|Institution:||University of North Carolina – Chapel Hill|
|Full text PDF:||http://dc.lib.unc.edu/u?/etd,6102|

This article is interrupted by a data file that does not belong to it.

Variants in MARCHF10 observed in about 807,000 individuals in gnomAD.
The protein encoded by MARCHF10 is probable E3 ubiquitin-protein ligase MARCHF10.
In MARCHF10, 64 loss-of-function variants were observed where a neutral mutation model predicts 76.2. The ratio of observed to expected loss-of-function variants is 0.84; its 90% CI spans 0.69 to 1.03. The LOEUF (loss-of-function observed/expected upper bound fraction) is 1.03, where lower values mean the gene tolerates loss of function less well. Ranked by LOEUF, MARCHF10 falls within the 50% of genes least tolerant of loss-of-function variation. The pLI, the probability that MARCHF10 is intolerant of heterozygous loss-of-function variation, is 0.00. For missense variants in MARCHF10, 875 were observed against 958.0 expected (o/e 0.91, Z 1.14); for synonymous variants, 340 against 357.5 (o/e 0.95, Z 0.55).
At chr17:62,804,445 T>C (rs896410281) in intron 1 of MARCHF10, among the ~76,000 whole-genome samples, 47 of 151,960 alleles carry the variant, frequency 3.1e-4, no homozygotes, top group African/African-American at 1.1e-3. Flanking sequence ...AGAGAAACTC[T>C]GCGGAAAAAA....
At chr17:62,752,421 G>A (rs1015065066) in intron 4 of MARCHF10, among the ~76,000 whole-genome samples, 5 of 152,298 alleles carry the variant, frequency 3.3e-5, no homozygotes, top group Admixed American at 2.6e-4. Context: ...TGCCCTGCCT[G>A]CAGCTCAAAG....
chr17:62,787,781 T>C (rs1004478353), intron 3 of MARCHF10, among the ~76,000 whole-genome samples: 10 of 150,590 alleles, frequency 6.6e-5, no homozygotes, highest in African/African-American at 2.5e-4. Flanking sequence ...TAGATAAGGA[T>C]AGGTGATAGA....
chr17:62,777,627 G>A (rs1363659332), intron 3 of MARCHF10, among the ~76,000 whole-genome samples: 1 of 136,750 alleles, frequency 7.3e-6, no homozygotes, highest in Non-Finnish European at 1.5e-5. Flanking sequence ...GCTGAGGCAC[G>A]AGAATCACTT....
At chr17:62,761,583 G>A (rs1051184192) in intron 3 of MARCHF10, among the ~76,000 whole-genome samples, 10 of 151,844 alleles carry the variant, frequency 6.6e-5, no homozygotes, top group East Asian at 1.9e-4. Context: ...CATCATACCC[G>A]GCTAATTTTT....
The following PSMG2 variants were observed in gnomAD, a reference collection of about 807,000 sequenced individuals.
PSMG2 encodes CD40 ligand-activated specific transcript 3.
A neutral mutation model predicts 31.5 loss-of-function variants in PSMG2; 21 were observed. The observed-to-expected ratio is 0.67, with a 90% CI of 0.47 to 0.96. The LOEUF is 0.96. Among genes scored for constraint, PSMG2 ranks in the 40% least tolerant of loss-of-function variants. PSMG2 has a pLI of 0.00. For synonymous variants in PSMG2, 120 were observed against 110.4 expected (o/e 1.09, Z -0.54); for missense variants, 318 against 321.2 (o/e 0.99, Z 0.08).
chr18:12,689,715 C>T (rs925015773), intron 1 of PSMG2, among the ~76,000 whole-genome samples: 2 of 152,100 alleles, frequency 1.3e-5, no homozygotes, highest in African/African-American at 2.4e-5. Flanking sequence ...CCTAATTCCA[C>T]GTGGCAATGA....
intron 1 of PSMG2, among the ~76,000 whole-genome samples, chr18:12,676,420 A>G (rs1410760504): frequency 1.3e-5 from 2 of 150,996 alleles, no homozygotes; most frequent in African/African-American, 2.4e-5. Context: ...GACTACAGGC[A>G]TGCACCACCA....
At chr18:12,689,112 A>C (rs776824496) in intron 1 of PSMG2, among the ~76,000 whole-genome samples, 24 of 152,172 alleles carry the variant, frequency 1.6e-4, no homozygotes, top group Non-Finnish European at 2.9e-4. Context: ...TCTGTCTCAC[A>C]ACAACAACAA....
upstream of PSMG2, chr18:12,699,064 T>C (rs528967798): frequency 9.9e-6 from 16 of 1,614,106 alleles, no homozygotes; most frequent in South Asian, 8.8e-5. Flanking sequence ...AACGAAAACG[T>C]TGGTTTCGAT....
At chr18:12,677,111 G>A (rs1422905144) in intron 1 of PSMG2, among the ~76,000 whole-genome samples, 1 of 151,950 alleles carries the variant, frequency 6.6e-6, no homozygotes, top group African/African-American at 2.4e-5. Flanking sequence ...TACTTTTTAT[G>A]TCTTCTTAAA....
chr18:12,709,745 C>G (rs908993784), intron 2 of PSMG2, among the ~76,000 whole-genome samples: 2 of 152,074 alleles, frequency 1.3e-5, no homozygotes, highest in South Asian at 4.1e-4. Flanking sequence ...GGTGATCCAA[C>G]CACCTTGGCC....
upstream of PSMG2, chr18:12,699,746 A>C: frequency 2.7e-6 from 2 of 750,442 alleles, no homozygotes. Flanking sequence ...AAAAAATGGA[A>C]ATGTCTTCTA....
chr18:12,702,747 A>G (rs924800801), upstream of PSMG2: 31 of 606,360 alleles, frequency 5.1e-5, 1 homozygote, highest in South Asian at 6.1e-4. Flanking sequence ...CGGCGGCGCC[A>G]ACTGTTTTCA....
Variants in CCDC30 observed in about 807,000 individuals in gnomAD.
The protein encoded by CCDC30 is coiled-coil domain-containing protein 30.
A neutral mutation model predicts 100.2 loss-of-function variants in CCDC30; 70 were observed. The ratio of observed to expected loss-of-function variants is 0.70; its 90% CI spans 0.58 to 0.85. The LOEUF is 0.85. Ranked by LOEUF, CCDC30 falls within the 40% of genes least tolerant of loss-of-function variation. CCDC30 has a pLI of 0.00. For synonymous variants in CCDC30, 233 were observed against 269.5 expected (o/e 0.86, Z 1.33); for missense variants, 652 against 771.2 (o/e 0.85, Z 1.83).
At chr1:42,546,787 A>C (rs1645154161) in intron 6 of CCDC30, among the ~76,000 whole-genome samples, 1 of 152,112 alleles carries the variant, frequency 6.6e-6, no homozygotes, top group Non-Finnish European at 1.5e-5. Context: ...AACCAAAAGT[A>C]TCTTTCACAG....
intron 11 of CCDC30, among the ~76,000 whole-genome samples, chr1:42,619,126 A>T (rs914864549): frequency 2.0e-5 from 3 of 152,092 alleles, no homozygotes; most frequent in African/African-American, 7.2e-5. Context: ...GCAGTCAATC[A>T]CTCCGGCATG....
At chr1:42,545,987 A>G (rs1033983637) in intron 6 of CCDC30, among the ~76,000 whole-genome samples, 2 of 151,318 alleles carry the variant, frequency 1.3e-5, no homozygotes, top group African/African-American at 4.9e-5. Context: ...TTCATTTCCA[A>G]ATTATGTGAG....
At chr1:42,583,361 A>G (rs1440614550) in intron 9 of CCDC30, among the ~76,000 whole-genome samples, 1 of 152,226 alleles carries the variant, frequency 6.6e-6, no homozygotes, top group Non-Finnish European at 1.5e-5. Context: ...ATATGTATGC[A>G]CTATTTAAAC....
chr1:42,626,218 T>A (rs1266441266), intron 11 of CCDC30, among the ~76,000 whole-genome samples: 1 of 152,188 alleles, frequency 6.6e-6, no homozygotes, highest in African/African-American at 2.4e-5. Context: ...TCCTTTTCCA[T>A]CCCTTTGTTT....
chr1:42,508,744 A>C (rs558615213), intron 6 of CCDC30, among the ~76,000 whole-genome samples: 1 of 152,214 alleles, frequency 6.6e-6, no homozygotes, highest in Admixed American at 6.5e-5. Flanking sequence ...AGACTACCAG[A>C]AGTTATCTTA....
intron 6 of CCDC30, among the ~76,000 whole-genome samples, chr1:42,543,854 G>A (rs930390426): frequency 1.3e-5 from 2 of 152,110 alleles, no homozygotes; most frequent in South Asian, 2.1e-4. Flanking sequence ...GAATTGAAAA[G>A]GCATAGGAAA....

Subjects and Methods: Healthy subjects (N=113) with mild pericoronitis signs/symptoms were enrolled in an IRB-approved study. Demographic and quality of life (QoL) data were collected at enrollment. Subjects voluntarily scheduled for third molar removal (3MR). The outcome variable was subjects' decision for 3MR within six months of enrollment. Possible predictor variables were demographic and QoL data. To explore associations between the predictor and outcome variables, bivariate analyses (Chi-square and Cochran-Mantel-Haenszel) and a multivariate logistic regression were performed. Results: At six months post-enrollment, 79 subjects elected 3MR (removed) and 34 subjects retained their third molars (retained). A greater proportion of the removed compared to the retained group reported at least a little trouble with opening their mouths, 38% vs. 18%, respectively (P=0.04), and taking part in social interactions, 27% vs. 6%, respectively (P=0.01). Conclusion: In pericoronitis subjects, problems with oral function and lifestyle were associated with subjects' decision for early 3MR.